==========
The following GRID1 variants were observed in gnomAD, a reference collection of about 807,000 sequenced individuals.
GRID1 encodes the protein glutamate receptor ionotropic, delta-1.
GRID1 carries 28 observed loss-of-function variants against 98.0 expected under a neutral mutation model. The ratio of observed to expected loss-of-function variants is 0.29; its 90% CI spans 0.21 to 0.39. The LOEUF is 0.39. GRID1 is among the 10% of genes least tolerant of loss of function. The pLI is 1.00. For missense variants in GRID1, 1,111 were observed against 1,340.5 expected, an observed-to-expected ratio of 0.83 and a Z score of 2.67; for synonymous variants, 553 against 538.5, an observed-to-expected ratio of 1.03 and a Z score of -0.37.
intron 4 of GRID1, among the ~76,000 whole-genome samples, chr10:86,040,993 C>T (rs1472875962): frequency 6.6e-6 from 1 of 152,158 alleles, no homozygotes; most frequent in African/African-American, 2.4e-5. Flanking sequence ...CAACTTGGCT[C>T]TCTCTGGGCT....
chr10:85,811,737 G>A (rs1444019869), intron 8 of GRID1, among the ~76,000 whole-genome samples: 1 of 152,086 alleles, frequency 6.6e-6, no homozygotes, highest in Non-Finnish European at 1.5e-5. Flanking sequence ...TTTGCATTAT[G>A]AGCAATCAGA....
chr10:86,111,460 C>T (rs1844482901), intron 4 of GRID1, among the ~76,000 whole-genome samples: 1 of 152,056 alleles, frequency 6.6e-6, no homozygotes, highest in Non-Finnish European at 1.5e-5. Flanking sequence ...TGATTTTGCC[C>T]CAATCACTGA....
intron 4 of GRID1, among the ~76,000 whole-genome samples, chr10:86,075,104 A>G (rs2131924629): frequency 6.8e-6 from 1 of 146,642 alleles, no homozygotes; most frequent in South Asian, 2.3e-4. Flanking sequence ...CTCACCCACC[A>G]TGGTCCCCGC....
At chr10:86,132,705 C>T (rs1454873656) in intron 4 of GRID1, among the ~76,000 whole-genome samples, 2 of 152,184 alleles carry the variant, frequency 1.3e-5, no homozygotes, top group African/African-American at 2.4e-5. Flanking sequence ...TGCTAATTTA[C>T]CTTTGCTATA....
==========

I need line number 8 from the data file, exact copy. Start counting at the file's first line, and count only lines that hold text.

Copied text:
At chr10:86,132,705 C>T (rs1454873656) in intron 4 of GRID1, among the ~76,000 whole-genome samples, 2 of 152,184 alleles carry the variant, frequency 1.3e-5, no homozygotes, top group African/African-American at 2.4e-5. Flanking sequence ...TGCTAATTTA[C>T]CTTTGCTATA....